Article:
Saturday morning musings - relevance & the ending of a column

This has been a somewhat mixed week dogged by slowly lifting flue. So just a bit of a review.

On Tuesday, my long running Express column was abruptly ended by the new editor who advised in a short email

"I am writing to inform you I've made some decisions about the sort of
columns I'll be running as part of the new-look Express.

From next week I'll be running 3 new columns - From the editor's desk, Gen Y
it matters, and a Friday Soapbox (featuring all the movers and shakers in
Armidale putting forward ideas to help improve the town).

I will no longer require you to send your columns each week. I put a note at
the bottom of your column in tomorrow's paper that it would be your last
column in the Express, but that readers can still follow you online at the
addresses you gave.

I wish you well in the future."

After 164 columns and over 80,000 words, I didn't quite want to vanish into the night Via a one sentence at the end of the column: "Editor's note: this will be Jim Belshaw's final column" followed by the blog details. So the editor has agreed to run a short letter to the editor next week allowing me to at least thank my readers.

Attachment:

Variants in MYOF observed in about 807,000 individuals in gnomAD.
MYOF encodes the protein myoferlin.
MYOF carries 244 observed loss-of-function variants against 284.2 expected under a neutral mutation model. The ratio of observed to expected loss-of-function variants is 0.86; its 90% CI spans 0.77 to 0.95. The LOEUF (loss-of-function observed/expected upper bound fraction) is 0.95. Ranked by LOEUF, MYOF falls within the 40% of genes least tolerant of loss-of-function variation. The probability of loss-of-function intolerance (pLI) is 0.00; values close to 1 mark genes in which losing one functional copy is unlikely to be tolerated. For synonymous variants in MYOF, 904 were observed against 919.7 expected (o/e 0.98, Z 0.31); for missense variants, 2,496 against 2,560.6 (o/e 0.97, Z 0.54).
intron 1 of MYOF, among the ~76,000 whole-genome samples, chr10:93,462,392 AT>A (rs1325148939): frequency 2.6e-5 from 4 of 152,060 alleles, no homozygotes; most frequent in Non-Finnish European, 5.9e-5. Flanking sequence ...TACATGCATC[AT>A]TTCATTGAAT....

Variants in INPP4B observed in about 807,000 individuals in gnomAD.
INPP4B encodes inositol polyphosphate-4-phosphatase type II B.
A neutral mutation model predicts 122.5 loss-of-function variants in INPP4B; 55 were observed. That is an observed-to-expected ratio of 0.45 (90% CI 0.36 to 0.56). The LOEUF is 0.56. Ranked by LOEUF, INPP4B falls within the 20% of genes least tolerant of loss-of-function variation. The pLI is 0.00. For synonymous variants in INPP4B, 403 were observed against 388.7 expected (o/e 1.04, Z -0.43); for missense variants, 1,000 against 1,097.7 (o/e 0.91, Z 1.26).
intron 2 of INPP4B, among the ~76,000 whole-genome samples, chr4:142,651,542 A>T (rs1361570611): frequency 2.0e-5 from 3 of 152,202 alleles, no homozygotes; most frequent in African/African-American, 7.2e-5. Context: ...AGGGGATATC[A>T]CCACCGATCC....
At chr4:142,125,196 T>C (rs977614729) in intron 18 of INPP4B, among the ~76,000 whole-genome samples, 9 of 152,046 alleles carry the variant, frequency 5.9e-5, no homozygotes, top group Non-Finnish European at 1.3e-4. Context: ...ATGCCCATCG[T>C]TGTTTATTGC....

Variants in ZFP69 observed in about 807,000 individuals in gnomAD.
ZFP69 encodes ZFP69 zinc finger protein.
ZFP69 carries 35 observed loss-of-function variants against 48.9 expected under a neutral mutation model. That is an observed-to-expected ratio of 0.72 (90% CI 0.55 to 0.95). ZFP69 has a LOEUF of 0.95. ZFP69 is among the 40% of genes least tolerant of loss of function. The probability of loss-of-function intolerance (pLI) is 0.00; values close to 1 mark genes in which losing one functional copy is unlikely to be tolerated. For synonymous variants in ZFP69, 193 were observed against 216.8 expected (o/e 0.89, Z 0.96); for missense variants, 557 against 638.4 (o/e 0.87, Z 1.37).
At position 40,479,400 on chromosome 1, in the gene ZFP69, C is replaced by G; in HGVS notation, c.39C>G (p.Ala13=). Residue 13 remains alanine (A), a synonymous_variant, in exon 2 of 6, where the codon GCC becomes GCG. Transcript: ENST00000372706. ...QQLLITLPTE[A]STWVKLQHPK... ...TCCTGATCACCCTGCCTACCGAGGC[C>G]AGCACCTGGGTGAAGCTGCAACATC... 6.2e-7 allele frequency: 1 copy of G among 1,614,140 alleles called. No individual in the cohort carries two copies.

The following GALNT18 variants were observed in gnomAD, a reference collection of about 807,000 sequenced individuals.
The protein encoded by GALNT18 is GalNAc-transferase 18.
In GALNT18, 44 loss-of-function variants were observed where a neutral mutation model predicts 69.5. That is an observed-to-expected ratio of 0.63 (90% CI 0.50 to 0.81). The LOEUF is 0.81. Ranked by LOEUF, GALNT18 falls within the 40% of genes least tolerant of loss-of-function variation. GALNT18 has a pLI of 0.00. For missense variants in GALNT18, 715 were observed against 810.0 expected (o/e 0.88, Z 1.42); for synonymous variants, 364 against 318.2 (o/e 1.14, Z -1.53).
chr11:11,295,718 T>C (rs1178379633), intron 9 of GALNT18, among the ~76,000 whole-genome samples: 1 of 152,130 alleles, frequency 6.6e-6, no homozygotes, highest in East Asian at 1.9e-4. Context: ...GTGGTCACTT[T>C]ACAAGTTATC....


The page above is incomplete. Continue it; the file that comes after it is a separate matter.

The column replacing mine is "Gen Y it matters" subtitled in the promo "Issues that matter to our youth." At this stage it has yet to appear, so I cannot comment on the content. However, it is still an interesting and very clear example of a shift based on particular perceptions of reader interests and newspaper demography.

While I tried to write broadly in the column, the evidence is that the column appealed most to an older demographic in Armidale. It also appealed most to those who identified themselves as local, who thought of Armidale as home and wanted to know more about the place, as compared to the large transient or semi-transient (Armidale has quite a high population turnover) group who had less identification with the city.